Re: 3 possible views of "consciousness"

From: <>
Date: Tue, 30 Jan 2001 22:34:47 EST

"Jesse Mazer" <>:

> So then we get the same problem, that it seems sort of arbitrary to
> say that a computer is a "good" implementation but a rock is not.

I think a rock is a perfectly good implementation of any
self-contained computation, say of a universe and its inhabitants.

But if you want interaction, the external connection of the
implementation matters: you probably don't have the means to translate
to and from the thermal rock motions that represent Shakespeare's
mannerisms and speech in an interactive Bard interpretation. I like
to imagine a very high dimensional "interpretation space". The rock
Shakespeare is an astronomical distance away from you in
interpretation space (just as remote as if a flesh Shakespeare
existed, but on a planet a billion light years away). Someday it
might be possible to bridge the distance, perhaps with a powerful
translating computation (but the latency might be too long, as with
powerful radio link to the distant planet) or by reimplementing
Shakespeare (or yourself) in a more accessible encoding (like bringing
the planetary Shakespeare (or yourself) nearer by starship).

> It's true that under the right mapping, the ticks of a clock can be seen as
> doing any "computation" you please, including a simulation of an intelligent
> A.I. But if you wanted to actually implement this mapping in the physical
> world so you could interact with the A.I., you'd end up reproducing the
> causal structure of the A.I. on the computer (or brain) responsible for the
> mapping. That's my intuition anyway--since I don't have a precise
> definition of "causal structure" I can't be sure.

A clock isn't in fact a possible implementation for something that's
supposed to remain interactive with its old world, because there's no
way to give it input. A state machine with input, but states labelled
simply 1,2,3 ... by some kind of lattice enumeration could be an
implementation. But to actually make the state machine interact in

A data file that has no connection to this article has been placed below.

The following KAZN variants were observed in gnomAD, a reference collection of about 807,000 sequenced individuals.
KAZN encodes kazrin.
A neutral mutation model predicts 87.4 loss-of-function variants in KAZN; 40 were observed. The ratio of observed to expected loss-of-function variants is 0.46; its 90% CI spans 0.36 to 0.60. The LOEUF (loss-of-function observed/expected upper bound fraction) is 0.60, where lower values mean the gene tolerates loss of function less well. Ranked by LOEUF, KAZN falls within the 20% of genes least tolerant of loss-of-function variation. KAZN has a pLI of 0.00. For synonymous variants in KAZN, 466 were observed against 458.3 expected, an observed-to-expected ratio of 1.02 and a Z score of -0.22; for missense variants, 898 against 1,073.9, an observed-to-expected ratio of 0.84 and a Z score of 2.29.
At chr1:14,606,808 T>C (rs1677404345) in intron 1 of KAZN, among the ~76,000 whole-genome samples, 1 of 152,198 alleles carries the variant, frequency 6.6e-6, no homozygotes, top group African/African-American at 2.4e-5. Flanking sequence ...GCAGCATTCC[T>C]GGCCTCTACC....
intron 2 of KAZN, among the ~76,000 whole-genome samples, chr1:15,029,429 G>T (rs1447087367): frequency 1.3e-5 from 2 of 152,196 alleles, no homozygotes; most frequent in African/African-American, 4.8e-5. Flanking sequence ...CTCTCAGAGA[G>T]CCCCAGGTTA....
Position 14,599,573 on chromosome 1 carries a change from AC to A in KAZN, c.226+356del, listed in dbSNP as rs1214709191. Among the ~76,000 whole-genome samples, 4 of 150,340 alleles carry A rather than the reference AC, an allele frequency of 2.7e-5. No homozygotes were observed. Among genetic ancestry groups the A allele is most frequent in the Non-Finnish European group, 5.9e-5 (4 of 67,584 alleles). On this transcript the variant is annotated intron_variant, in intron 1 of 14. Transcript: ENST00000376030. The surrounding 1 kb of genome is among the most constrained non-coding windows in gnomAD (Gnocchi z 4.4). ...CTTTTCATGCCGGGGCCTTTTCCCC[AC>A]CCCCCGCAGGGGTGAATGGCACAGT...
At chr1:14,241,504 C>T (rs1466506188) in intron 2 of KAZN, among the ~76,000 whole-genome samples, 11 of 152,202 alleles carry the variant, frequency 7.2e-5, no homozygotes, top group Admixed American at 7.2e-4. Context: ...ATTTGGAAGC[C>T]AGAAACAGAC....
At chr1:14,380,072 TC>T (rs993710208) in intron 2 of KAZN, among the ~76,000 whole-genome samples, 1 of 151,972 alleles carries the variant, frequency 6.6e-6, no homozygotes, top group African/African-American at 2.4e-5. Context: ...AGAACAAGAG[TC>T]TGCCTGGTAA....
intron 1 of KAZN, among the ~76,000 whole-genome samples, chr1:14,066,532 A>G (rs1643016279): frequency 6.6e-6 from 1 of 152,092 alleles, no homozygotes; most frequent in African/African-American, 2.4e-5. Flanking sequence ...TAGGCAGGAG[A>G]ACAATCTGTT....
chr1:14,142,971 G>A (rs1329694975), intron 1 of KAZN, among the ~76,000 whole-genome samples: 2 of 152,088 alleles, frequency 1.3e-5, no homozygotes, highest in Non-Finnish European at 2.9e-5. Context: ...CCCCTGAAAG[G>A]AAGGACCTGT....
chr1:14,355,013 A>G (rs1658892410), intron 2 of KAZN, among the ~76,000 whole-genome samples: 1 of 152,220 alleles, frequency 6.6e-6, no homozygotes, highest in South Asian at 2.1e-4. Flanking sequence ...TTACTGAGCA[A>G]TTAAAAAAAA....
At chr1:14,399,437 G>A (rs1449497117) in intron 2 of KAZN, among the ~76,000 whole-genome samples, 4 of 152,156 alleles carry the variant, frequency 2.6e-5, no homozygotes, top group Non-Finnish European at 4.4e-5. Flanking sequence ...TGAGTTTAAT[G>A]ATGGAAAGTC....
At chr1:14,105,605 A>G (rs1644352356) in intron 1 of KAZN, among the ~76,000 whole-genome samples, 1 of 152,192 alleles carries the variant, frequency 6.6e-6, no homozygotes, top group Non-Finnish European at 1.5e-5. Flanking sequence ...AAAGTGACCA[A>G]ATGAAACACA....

the old way, you'd have to bridge the interpretative distance with a
translation box. The translation box could take the form of a
humongous lookup table that says what output each entered state and
which state transition each possible input corresponds to.

But if the interaction is maintained, why fret about the internal
implementation? That should be a private matter between an entity and
its maker (including its code optimizer, which might take a
straightforward, Chalmers-blessed causal AI formulation and turn it
into a humongous lookup table purely for the sake of efficiency.
Chalmers might say that level 20 optimization (partial tables) leaves
the system conscious, but level 21 (full table) turns it into a
zombie. I say he's blowing smoke: there's no justificiation for such a

> [inhabitants] would be free to say that what they mean by the term
> "literary goodness" is completely different from the quantity in the
> axioms.

Of course I assume the goodness axiom operates on the universes
primitives in conjunction with the other axioms, producing its own
unique theorems, which would affect experiments, evolution and brain

> "mind fire" (one of my favorite parts of the book, incidentally)

Thanks very much for the comment. Some of the reviewers thought
I'd simply gone loony there.
Received on Tue Jan 30 2001 - 19:38:04 PST

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